Making the Choice: How Do Beer Sellers Choose Their Brews?

We’ve all been there before. You walk into a local bar or restaurant to have a meal and a cold beer, only to find that they don’t have what you want on tap. It makes you wonder just how beer sellers choose the brews that they offer. Actually, there is a lot that goes into making that decision; it’s a complex process and the result should be a smart business decision for the seller. Here’s a look at some of the more important factors in the process.


The cost to the seller is an important consideration and needs to be balanced against what their customers are willing to pay, the volume of the beer sold and other considerations. However, the cost of stocking a particular brand is usually not as important as other considerations here.

The Community

One of the most important considerations a beer seller has to make is the makeup of the local community. For instance, a seller in a community with a high percentage of residents from Cuban descent is going to do best with a selection of beers that appeal to that community. The same applies to any particular demographic in the local area. Beer sellers have to account for the drinking preferences in the majority of their patrons.

Their Food Offerings

Increasingly, this is a significant consideration for beer sellers, but particularly for locally owned and operated establishments. National chains will usually offer big-name beers they can purchase at a discount. However, locally owned and operated sellers often choose the beers they have on tap to compliment the types of food they serve. For instance, not all beers pairs well with barbeque, so a restaurant that focuses on barbeque chicken and pork will need to serve beer that stands up to the flavors in their dishes.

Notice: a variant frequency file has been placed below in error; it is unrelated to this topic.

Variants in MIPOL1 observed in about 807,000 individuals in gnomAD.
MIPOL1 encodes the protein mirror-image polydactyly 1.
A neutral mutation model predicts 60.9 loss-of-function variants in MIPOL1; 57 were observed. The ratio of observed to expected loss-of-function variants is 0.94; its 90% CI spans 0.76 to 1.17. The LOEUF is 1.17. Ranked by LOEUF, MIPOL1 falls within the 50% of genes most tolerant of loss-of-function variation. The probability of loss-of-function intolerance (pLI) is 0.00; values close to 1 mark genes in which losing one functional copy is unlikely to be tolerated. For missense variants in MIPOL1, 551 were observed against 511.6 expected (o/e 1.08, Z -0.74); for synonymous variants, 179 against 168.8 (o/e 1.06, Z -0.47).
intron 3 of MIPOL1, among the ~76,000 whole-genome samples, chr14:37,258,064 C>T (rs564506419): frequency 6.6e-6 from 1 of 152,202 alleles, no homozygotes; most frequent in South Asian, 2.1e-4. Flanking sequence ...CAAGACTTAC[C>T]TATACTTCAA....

Distinguishing Themselves

Some small restaurants and bars are finding that unique beers from independent breweries are great ways to set themselves apart from the competition. You can bet that these establishments will offer unique beers that are hard to find elsewhere (at the expense of “ordinary” beers).

Storage Space

Finally, all that beer takes up space. Whether the location is a bar or restaurant, there is only so much storage space to go around. Sellers have to make smart decisions regarding their storage space because filling it with beer that won’t move is really just a waste of money.